Thus, the laity, either married or single is called to do the lay apostolic work by prayers, examples and services depending on their abilities, opportunities and circumstances in life. According to Saint Paul, there are different members and roles in the church as to build the Mystical Body of Christ (1Cr 12:12-34).
The Second Vatican Council in its Decree on the Apostolate of the Laity calls upon the laity to do apostolic work in the family, society, on the national and international levels, states: There are innumerable opportunities open to the laity for the exercise of their apostolate of evangelization. The very testimony of their Christian life and good works done in a supernatural spirit have the power to draw men to belief and to God (Apostolicam Actuositatem # 6).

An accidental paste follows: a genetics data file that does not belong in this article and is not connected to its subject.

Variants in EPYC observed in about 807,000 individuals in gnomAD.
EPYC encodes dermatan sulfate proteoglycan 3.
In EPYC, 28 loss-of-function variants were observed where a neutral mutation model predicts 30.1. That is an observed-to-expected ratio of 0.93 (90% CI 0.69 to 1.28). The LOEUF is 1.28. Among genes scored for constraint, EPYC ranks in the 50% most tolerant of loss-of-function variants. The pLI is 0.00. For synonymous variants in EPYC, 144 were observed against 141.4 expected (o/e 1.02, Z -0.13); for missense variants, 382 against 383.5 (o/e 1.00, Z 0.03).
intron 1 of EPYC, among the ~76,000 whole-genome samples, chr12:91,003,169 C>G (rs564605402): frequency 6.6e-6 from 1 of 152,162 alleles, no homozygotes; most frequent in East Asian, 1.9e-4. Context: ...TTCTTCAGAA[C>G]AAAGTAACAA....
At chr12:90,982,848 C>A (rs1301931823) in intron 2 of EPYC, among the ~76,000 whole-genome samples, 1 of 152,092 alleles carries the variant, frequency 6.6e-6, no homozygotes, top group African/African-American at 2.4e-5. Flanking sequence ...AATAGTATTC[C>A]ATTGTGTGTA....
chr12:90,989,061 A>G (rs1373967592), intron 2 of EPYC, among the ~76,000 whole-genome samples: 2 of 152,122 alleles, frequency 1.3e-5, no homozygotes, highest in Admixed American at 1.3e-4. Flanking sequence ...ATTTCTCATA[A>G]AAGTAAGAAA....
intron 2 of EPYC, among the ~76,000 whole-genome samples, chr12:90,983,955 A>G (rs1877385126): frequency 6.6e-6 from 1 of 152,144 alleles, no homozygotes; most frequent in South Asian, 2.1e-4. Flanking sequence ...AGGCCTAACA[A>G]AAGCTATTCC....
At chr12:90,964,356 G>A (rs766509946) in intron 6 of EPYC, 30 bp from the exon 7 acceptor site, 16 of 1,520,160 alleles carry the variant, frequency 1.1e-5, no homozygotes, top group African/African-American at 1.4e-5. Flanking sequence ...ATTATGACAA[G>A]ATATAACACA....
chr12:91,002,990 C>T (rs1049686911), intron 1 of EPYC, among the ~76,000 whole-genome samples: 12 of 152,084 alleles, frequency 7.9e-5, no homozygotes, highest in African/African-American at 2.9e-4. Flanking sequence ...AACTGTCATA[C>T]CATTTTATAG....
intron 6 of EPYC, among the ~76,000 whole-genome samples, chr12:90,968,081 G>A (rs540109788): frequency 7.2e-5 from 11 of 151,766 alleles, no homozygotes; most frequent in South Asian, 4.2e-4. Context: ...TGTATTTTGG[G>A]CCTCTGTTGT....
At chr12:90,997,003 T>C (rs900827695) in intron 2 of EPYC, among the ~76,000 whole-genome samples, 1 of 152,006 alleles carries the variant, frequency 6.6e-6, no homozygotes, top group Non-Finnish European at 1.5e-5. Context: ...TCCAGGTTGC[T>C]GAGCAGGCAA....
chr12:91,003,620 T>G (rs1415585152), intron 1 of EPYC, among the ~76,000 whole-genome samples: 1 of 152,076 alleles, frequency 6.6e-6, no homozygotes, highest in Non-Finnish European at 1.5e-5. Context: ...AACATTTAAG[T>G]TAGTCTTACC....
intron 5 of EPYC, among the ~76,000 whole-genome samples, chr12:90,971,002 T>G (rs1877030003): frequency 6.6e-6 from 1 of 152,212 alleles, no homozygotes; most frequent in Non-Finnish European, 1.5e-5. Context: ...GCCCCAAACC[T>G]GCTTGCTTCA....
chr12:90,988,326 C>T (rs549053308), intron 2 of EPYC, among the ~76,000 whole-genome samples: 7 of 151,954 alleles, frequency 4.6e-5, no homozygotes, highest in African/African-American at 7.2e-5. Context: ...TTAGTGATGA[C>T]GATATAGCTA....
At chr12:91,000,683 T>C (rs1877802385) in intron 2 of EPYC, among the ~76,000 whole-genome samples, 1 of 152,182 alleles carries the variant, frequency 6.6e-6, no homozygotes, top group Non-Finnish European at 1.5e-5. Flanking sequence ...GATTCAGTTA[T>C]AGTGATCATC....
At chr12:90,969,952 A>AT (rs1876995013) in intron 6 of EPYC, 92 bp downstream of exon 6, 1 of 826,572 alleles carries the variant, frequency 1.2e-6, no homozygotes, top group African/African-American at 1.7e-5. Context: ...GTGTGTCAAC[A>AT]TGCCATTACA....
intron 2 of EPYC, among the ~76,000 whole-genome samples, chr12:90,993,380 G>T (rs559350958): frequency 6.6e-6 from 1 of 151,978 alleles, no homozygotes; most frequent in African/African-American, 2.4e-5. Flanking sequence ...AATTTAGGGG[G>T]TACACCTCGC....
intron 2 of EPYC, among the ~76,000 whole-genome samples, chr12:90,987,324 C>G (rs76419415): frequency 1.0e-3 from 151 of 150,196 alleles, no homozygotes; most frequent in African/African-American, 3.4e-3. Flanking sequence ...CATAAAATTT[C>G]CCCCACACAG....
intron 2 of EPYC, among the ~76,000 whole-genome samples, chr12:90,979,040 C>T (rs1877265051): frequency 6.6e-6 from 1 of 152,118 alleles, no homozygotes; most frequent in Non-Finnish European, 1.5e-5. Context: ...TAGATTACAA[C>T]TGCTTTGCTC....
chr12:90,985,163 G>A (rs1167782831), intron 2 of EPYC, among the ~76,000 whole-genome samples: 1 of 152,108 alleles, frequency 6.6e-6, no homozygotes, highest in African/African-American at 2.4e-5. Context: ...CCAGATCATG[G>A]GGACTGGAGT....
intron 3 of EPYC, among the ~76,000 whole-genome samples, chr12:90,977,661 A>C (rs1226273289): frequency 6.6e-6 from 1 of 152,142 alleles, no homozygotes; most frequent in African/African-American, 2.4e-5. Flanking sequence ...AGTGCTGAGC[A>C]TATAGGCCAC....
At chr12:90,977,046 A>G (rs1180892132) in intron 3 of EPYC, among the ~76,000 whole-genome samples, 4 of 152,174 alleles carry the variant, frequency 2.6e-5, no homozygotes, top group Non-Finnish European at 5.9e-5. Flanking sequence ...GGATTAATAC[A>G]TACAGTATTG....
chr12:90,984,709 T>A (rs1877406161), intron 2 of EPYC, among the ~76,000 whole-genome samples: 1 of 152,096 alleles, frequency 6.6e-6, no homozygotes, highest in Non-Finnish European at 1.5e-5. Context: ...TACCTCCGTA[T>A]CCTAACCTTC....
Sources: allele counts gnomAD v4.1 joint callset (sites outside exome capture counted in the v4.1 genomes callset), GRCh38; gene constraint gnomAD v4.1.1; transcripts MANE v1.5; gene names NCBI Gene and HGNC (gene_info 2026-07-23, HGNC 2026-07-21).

We may wonder if there is one vocation more desirable and noble than the other. There is a Vietnamese saying: Dedicated life is happiness, married life is misfortune. That saying is not quite right. If the priesthood or religious life is not fulfilled, then it is not necessarily happy. What’s important thing is each person fulfills his/her vocation. In a play, if a main actor performs badly, the whole play loses its value.
On the contrary, if a secondary actor plays well, he/she will be praised. Vocation to the priesthood, religious and the married life is a growing and continuing process, lasting through the entire life. Ordination to the priesthood is not the day a priest stops becoming a priest. In other words, the priestly life does not stop at the ordination. The day of ordination is only a first step of the priesthood.